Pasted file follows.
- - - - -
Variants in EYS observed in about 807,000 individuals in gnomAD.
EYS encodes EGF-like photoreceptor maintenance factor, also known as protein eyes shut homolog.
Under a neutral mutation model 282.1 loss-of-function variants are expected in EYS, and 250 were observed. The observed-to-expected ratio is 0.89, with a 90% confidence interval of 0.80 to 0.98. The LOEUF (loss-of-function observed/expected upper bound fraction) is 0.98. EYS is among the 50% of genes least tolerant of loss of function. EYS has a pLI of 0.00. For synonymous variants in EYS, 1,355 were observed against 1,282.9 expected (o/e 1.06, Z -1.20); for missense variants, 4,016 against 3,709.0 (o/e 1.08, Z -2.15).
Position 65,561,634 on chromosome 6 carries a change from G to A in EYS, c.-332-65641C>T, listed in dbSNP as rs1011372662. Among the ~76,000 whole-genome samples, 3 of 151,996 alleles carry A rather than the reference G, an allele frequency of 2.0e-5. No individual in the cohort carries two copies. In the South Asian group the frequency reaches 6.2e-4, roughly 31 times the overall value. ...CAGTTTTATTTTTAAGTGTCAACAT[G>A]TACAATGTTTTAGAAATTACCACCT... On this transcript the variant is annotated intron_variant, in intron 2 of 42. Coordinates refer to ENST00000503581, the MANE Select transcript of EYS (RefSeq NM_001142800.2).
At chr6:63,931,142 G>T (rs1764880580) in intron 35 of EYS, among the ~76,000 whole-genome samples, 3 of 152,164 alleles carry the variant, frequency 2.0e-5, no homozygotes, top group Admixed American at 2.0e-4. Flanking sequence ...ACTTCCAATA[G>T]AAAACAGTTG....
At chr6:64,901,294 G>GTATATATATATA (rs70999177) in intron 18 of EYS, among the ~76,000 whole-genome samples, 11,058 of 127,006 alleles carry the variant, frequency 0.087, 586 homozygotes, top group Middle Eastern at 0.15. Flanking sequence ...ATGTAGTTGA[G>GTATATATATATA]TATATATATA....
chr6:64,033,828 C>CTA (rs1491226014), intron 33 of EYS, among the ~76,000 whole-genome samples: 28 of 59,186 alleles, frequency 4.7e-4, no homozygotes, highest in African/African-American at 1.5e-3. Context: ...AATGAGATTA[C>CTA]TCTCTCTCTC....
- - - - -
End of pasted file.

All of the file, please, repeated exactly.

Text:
Variants in EYS observed in about 807,000 individuals in gnomAD.
EYS encodes EGF-like photoreceptor maintenance factor, also known as protein eyes shut homolog.
Under a neutral mutation model 282.1 loss-of-function variants are expected in EYS, and 250 were observed. The observed-to-expected ratio is 0.89, with a 90% confidence interval of 0.80 to 0.98. The LOEUF (loss-of-function observed/expected upper bound fraction) is 0.98. EYS is among the 50% of genes least tolerant of loss of function. EYS has a pLI of 0.00. For synonymous variants in EYS, 1,355 were observed against 1,282.9 expected (o/e 1.06, Z -1.20); for missense variants, 4,016 against 3,709.0 (o/e 1.08, Z -2.15).
Position 65,561,634 on chromosome 6 carries a change from G to A in EYS, c.-332-65641C>T, listed in dbSNP as rs1011372662. Among the ~76,000 whole-genome samples, 3 of 151,996 alleles carry A rather than the reference G, an allele frequency of 2.0e-5. No individual in the cohort carries two copies. In the South Asian group the frequency reaches 6.2e-4, roughly 31 times the overall value. ...CAGTTTTATTTTTAAGTGTCAACAT[G>A]TACAATGTTTTAGAAATTACCACCT... On this transcript the variant is annotated intron_variant, in intron 2 of 42. Coordinates refer to ENST00000503581, the MANE Select transcript of EYS (RefSeq NM_001142800.2).
At chr6:63,931,142 G>T (rs1764880580) in intron 35 of EYS, among the ~76,000 whole-genome samples, 3 of 152,164 alleles carry the variant, frequency 2.0e-5, no homozygotes, top group Admixed American at 2.0e-4. Flanking sequence ...ACTTCCAATA[G>T]AAAACAGTTG....
At chr6:64,901,294 G>GTATATATATATA (rs70999177) in intron 18 of EYS, among the ~76,000 whole-genome samples, 11,058 of 127,006 alleles carry the variant, frequency 0.087, 586 homozygotes, top group Middle Eastern at 0.15. Flanking sequence ...ATGTAGTTGA[G>GTATATATATATA]TATATATATA....
chr6:64,033,828 C>CTA (rs1491226014), intron 33 of EYS, among the ~76,000 whole-genome samples: 28 of 59,186 alleles, frequency 4.7e-4, no homozygotes, highest in African/African-American at 1.5e-3. Context: ...AATGAGATTA[C>CTA]TCTCTCTCTC....